Thinking Out Loud

December 15, 2018

Denominational Hierarchies: Some Warning Signs

In the Catholic Church, the buck stops at The Vatican. In Evangelical churches, the buck stops with what the Bible says. But many find themselves in a middle ground where great authority is given to the head of the denominational body.

With most Evangelicals, current discussions prompted by Andy Stanley notwithstanding, the final authority for all things doctrinal is what “the Bible says.” The matter of where “the buck stops” is one of two things which separate us from our Roman Catholic friends, the other being the veneration of Mary.

In the Catholic Church, authority rests with the magisterium, ie. The Vatican or The Pope. But Evangelicals can easily fall into a similar mindset by vesting too much authority in what goes on at the denominational head office.

Consider these as warning signs:

  • A photograph of the head of the denomination appears in the church lobby, or perhaps even past heads.
  • Ecclesiastic terms for the denominational leader are used, such as ‘Bishop.’
  • You find the pastor frequently quoting the denominational head in sermons, or re-blogging their material on their own blog.
  • The denomination’s leader has written a book, and that book is available for purchase at all local churches.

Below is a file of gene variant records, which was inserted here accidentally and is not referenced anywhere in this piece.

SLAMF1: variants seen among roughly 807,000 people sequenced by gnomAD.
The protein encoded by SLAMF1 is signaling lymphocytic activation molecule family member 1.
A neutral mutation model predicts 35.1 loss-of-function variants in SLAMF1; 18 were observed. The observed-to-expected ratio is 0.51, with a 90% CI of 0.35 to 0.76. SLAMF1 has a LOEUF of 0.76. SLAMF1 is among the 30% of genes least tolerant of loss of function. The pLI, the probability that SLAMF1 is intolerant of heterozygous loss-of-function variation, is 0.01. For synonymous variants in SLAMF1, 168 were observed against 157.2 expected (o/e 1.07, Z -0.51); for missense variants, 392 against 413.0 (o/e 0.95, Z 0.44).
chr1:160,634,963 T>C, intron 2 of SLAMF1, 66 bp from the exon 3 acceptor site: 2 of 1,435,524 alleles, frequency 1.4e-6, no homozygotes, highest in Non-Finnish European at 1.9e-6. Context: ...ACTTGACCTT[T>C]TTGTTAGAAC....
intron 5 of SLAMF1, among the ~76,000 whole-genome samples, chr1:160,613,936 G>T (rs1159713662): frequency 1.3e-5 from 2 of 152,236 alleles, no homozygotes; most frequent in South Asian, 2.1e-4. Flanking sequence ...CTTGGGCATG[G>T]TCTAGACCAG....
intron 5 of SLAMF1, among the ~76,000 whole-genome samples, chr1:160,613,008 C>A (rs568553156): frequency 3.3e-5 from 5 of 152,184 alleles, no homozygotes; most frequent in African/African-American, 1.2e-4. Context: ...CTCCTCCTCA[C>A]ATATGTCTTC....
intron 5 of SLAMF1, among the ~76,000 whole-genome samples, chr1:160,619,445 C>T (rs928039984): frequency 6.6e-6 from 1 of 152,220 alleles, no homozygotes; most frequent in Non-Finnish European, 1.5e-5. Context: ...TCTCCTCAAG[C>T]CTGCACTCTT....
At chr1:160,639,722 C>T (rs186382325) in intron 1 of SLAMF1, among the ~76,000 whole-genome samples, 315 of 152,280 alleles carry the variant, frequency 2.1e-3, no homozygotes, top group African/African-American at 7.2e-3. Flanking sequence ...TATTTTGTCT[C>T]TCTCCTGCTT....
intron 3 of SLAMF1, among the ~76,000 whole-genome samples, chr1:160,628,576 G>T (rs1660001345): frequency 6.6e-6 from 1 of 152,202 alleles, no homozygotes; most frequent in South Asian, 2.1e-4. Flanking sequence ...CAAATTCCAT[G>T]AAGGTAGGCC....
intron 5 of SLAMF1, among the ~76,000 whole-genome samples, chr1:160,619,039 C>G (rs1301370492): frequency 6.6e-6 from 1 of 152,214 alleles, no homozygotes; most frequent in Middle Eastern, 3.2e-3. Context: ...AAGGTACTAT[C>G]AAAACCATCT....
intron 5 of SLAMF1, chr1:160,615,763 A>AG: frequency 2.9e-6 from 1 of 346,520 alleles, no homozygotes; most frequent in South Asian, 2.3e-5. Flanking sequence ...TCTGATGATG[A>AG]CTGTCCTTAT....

• The denomination will on occasion produce a short video address by the head of the church, which must be shown in all churches.
  • The national head of your denomination is inaccessible to the common parishioner; unavailable for discussion or forums.
  • Frequently you hear terms like, “We received word from head office;” or “We’ve put in a request to head office;” or “We’re awaiting a decision by our President/Moderator/Bishop.”
  • The church is frequently visited by national and regional leaders who ‘bring greetings’ on behalf of the denomination.
  • There are frequent shifts in denominational policy, organizational structure, or even doctrinal interpretation on secondary beliefs and tenets.
  • Access to information about head office programs, initiatives and decisions is difficult to obtain.
  • You just ‘sense’ things aren’t right, but when you try to speak to your local church pastor or staff, your questions are dismissed.
  • The perceived attitude of invincibility at the national level is reflected at the local church level. Your pastor is never questioned or cannot be challenged.

Those are a few. If these are foreign to your experience, then you’ve been blessed. But if you’ve experienced this, perhaps you can comment, without being too specific, if I’ve omitted anything.

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